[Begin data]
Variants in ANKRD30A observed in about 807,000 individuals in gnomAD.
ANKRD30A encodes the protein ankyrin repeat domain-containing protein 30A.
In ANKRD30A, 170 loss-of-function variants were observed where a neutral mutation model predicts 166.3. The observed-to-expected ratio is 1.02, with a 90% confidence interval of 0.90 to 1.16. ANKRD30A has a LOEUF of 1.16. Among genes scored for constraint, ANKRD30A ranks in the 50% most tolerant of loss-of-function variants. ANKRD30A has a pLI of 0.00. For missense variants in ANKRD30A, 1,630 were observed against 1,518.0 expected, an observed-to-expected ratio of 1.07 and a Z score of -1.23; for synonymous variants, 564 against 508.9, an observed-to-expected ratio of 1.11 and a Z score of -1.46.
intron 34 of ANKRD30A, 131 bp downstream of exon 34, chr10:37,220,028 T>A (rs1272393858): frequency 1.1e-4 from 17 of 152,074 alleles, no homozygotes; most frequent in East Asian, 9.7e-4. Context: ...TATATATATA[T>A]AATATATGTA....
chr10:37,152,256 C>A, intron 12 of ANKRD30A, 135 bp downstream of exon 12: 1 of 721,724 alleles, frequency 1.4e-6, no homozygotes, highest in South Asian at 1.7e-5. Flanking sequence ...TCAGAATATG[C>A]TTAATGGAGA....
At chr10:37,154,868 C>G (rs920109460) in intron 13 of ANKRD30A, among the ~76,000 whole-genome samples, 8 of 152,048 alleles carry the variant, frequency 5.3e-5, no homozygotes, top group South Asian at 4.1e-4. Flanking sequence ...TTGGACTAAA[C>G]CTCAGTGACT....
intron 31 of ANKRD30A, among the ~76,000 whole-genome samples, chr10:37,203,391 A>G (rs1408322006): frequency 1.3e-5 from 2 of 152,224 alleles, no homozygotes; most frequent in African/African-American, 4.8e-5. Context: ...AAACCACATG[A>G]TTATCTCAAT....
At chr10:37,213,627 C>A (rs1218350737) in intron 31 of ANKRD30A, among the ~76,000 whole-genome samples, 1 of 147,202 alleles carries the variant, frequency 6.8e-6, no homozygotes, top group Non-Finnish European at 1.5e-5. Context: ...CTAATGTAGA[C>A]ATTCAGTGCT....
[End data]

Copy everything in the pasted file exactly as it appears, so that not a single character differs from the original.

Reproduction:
Variants in ANKRD30A observed in about 807,000 individuals in gnomAD.
ANKRD30A encodes the protein ankyrin repeat domain-containing protein 30A.
In ANKRD30A, 170 loss-of-function variants were observed where a neutral mutation model predicts 166.3. The observed-to-expected ratio is 1.02, with a 90% confidence interval of 0.90 to 1.16. ANKRD30A has a LOEUF of 1.16. Among genes scored for constraint, ANKRD30A ranks in the 50% most tolerant of loss-of-function variants. ANKRD30A has a pLI of 0.00. For missense variants in ANKRD30A, 1,630 were observed against 1,518.0 expected, an observed-to-expected ratio of 1.07 and a Z score of -1.23; for synonymous variants, 564 against 508.9, an observed-to-expected ratio of 1.11 and a Z score of -1.46.
intron 34 of ANKRD30A, 131 bp downstream of exon 34, chr10:37,220,028 T>A (rs1272393858): frequency 1.1e-4 from 17 of 152,074 alleles, no homozygotes; most frequent in East Asian, 9.7e-4. Context: ...TATATATATA[T>A]AATATATGTA....
chr10:37,152,256 C>A, intron 12 of ANKRD30A, 135 bp downstream of exon 12: 1 of 721,724 alleles, frequency 1.4e-6, no homozygotes, highest in South Asian at 1.7e-5. Flanking sequence ...TCAGAATATG[C>A]TTAATGGAGA....
At chr10:37,154,868 C>G (rs920109460) in intron 13 of ANKRD30A, among the ~76,000 whole-genome samples, 8 of 152,048 alleles carry the variant, frequency 5.3e-5, no homozygotes, top group South Asian at 4.1e-4. Flanking sequence ...TTGGACTAAA[C>G]CTCAGTGACT....
intron 31 of ANKRD30A, among the ~76,000 whole-genome samples, chr10:37,203,391 A>G (rs1408322006): frequency 1.3e-5 from 2 of 152,224 alleles, no homozygotes; most frequent in African/African-American, 4.8e-5. Context: ...AAACCACATG[A>G]TTATCTCAAT....
At chr10:37,213,627 C>A (rs1218350737) in intron 31 of ANKRD30A, among the ~76,000 whole-genome samples, 1 of 147,202 alleles carries the variant, frequency 6.8e-6, no homozygotes, top group Non-Finnish European at 1.5e-5. Context: ...CTAATGTAGA[C>A]ATTCAGTGCT....